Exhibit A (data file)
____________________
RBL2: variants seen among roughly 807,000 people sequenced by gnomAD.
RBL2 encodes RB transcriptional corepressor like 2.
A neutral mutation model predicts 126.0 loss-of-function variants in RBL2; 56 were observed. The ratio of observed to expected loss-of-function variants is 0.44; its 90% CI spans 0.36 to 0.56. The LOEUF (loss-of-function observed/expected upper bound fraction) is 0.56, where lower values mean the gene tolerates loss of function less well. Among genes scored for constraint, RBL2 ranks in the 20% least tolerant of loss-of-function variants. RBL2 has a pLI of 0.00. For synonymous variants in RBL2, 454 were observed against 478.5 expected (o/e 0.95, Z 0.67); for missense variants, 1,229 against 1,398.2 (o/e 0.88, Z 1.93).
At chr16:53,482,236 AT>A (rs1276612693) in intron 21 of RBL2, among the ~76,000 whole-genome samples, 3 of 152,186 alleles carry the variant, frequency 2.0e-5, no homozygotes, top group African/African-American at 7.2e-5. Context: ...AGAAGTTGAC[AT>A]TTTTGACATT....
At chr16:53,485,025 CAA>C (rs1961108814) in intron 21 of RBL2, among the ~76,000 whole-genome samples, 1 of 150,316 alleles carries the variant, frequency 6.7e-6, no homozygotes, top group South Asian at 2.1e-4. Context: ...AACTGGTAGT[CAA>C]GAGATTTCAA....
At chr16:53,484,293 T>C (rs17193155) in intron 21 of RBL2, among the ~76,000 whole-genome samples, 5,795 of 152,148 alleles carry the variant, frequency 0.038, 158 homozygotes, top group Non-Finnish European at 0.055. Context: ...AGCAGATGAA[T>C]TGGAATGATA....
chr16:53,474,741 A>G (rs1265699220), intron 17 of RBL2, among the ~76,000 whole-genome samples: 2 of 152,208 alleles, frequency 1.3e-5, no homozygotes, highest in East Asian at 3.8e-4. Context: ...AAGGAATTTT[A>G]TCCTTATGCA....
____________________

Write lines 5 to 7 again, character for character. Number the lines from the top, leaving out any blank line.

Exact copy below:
At chr16:53,485,025 CAA>C (rs1961108814) in intron 21 of RBL2, among the ~76,000 whole-genome samples, 1 of 150,316 alleles carries the variant, frequency 6.7e-6, no homozygotes, top group South Asian at 2.1e-4. Context: ...AACTGGTAGT[CAA>C]GAGATTTCAA....
At chr16:53,484,293 T>C (rs17193155) in intron 21 of RBL2, among the ~76,000 whole-genome samples, 5,795 of 152,148 alleles carry the variant, frequency 0.038, 158 homozygotes, top group Non-Finnish European at 0.055. Context: ...AGCAGATGAA[T>C]TGGAATGATA....
chr16:53,474,741 A>G (rs1265699220), intron 17 of RBL2, among the ~76,000 whole-genome samples: 2 of 152,208 alleles, frequency 1.3e-5, no homozygotes, highest in East Asian at 3.8e-4. Context: ...AAGGAATTTT[A>G]TCCTTATGCA....